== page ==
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August 13, 1984


The opinion of the court was delivered by: Bua, District Judge.


This order concerns the parties' cross-motions for summary judgment pursuant to Rule 56 of the Federal Rules of Civil Procedure. For the reasons stated herein, both motions are denied.


The plaintiffs' initial complaint stated claims which, although based on various federal and state statutory and constitutional provisions, were primarily derived from the Education for All Handicapped Children Act (EAHCA).*fn1 20 U.S.C. § 1401 et seq. (1976). The EAHCA is a federal funding statute under which participating states receive federal funds to assist in providing educational and other related services to handicapped children. Any State educational agency receiving funds under the EAHCA must establish procedures whereby handicapped children and their parents may protect their rights to a "free and appropriate public education." 20 U.S.C. § 1415(a) (1976).

The plaintiffs are Max M., a handicapped child within the meaning of the EAHCA,*fn2 and his parents. The parties named as defendants in the original complaint were designated as the "State Defendants," the "Intermediate Defendants," and the "Local Defendants." The State Defendants included: (1) James R. Thompson, Governor of Illinois; (2) the Illinois State Board of Education (ISBE); (3) Donald Gill, the Illinois Superintendent of Education; and (4) Edward Copeland, the Chairperson of the Illinois State Board of Education. The Local Defendants were: (1) New Trier High School District # 203 (District # 203); (2) the New Trier District # 203 Board of Education; (3) Ronald Bickert, Superintendent of Schools in District # 203, and (4) James Walter, Director of Special Education for District # 203. The final group of defendants, the Intermediate Defendants, included: (1) the North Suburban Special Education District (NSSED); and (2) Stanley Bristol, Superintendent of the NSSED.

The relevant facts taken from the complaint and exhibits thereto have been set forth in this Court's published order of July 1, 1983, Max M. v. Thompson, 566 F. Supp. 1330, 1338 (N.D.Ill. 1983) (Max M. I) and are briefly recapitulated here. Max M. attended New Trier West, a public high school in Northfield, Illinois, from 1977 to 1981. Because of his disorganization, difficulty in writing, and anxiety, his academic performance was poor. During his freshman year, Max was referred to the District No. 203 Department of Special Education for evaluation. Intensive psychotherapy was recommended, but District 203 made no offer to provide the service at that time. The following summer, Max' parents formally requested District 203 to provide the recommended therapy during Max' sophomore year. District 203 developed an "individualized education plan" ("IEP") pursuant to the EAHCA for Max during his sophomore year, but the IEP did not include therapy. Max' condition worsened during his sophomore, junior, and senior years in high school. In the IEPs developed for each academic year, no provision was ever made for District 203 to provide intensive psychotherapy. Max' parents did not participate in the development of any of these IEPs. Ultimately, Max' parents themselves obtained private psychiatric treatment for Max at a cost to them of $8,855.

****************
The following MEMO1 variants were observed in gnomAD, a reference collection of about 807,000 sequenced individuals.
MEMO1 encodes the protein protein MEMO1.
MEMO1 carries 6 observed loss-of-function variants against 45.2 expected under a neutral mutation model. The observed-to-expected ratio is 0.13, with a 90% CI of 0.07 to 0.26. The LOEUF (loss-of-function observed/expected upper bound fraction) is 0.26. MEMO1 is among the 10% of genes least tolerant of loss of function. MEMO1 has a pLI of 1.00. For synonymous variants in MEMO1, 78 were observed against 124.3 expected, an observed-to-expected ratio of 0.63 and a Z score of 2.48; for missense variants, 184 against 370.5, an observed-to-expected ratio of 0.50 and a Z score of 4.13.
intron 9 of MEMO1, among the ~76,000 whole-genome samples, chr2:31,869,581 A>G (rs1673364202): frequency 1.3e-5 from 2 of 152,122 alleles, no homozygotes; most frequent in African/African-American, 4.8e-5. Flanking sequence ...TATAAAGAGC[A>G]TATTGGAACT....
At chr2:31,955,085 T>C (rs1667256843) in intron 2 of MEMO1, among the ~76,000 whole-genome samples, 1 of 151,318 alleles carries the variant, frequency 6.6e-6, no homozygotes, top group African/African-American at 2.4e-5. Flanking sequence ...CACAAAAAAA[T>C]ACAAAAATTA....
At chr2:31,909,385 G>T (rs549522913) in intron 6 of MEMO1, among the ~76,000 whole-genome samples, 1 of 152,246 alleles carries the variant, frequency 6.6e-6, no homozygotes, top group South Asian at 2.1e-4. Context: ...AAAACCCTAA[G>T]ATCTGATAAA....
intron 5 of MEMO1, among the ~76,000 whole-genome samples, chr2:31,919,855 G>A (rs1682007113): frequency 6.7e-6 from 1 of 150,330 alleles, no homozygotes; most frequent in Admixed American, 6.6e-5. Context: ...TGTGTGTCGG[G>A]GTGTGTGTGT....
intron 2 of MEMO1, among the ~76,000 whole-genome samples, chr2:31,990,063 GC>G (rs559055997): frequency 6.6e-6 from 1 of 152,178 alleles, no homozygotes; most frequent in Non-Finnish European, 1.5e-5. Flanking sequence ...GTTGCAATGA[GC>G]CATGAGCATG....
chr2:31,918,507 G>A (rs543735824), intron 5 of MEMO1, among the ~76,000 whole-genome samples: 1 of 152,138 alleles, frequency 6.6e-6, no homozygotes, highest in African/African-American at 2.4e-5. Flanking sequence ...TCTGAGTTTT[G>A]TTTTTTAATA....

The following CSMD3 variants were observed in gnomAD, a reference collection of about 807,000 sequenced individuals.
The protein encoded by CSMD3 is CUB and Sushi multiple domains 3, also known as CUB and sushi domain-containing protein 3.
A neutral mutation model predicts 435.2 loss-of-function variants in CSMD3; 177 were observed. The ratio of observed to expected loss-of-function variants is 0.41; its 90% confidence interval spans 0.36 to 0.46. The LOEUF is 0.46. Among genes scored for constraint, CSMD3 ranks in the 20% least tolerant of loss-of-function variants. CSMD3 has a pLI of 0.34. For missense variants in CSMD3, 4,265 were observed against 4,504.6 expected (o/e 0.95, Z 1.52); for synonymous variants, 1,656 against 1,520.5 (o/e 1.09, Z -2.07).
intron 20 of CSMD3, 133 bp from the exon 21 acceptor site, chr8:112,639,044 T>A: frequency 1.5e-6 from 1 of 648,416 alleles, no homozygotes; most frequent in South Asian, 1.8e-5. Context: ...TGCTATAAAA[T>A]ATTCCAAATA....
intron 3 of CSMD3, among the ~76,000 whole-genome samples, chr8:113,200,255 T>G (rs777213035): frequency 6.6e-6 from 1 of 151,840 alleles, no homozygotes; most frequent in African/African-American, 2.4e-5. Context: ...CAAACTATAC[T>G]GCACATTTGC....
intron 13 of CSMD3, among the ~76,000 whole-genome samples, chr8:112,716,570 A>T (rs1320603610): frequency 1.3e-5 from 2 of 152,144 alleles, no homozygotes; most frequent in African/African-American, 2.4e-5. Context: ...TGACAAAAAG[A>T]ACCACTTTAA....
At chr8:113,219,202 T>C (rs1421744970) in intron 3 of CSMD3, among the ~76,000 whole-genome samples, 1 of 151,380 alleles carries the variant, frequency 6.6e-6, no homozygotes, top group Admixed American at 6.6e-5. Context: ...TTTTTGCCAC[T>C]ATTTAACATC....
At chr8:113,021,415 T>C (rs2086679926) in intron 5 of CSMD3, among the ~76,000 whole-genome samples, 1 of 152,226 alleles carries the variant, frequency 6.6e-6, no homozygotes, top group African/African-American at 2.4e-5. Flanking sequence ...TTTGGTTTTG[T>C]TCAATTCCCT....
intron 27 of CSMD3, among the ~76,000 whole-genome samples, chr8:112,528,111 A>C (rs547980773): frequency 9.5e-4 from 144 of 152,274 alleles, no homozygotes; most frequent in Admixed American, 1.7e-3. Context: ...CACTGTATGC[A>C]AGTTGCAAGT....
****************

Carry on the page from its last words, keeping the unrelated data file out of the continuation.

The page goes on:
On May 15, 1981, District 203 notified Mr. and Mrs. M. of its decision to issue Max a high school diploma. Under the EAHCA, a handicapped child in Illinois becomes ineligible for continued benefits upon graduation. On May 21, 1981, Mr. and Mrs. M. requested a due process hearing, alleging violations of Max' right to a free appropriate public education. Subsequently, District 203 issued Max a diploma. On October 13, 1981, a state appointed hearing officer conducted a hearing, and ordered the diploma revoked, with services to continue based upon a new IEP. District 203 appealed the ruling to the Illinois State Board of Education, which, on February 19, 1982, reversed the decision of the hearing officer. Plaintiffs' complaint challenged this ruling on several grounds. This Court dismissed all claims against all defendants except for plaintiffs' claim against the Local Defendants under § 1415(e)(2) of the EAHCA for reimbursement of the $8,855 expended by Mr. and Mrs. M. for Max' psychiatric treatment. Max M. I, 566 F. Supp. at 1340.

In light of intervening Seventh Circuit precedent, the plaintiffs motioned for reconsideration of two of the previously dismissed claims. Basing their motion on the recent decision in Timms v. Metropolitan School District of Wabash County, Ind., 722 F.2d 1310 (7th Cir. 1983), the plaintiffs sought: (1) compensatory remedial educational services to compensate Max M. for the deprivation of EAHCA benefits while he was in high school (related to this claim, plaintiffs requested an injunction to rescind Max' high school diploma in order to reestablish Max' eligibility under the EAHCA); and, (2) injunctive relief prohibiting the Illinois State Board of Education employees from serving as members of the State Review Panel, thereby insuring impartial review.